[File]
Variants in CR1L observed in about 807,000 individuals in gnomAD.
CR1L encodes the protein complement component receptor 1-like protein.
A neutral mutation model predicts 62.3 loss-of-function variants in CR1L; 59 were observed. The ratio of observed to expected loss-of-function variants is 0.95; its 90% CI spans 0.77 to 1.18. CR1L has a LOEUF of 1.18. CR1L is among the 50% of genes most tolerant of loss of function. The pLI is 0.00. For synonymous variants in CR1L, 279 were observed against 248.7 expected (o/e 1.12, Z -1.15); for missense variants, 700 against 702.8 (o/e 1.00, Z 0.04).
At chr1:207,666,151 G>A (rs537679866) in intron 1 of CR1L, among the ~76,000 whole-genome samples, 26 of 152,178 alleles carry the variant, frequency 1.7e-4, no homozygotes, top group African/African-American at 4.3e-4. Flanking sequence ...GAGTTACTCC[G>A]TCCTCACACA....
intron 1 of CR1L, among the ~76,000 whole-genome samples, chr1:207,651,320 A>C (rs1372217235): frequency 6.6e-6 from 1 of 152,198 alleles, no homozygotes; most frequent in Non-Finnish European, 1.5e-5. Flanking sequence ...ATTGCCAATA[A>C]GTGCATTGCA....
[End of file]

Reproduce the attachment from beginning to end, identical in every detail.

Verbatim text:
Variants in CR1L observed in about 807,000 individuals in gnomAD.
CR1L encodes the protein complement component receptor 1-like protein.
A neutral mutation model predicts 62.3 loss-of-function variants in CR1L; 59 were observed. The ratio of observed to expected loss-of-function variants is 0.95; its 90% CI spans 0.77 to 1.18. CR1L has a LOEUF of 1.18. CR1L is among the 50% of genes most tolerant of loss of function. The pLI is 0.00. For synonymous variants in CR1L, 279 were observed against 248.7 expected (o/e 1.12, Z -1.15); for missense variants, 700 against 702.8 (o/e 1.00, Z 0.04).
At chr1:207,666,151 G>A (rs537679866) in intron 1 of CR1L, among the ~76,000 whole-genome samples, 26 of 152,178 alleles carry the variant, frequency 1.7e-4, no homozygotes, top group African/African-American at 4.3e-4. Flanking sequence ...GAGTTACTCC[G>A]TCCTCACACA....
intron 1 of CR1L, among the ~76,000 whole-genome samples, chr1:207,651,320 A>C (rs1372217235): frequency 6.6e-6 from 1 of 152,198 alleles, no homozygotes; most frequent in Non-Finnish European, 1.5e-5. Flanking sequence ...ATTGCCAATA[A>C]GTGCATTGCA....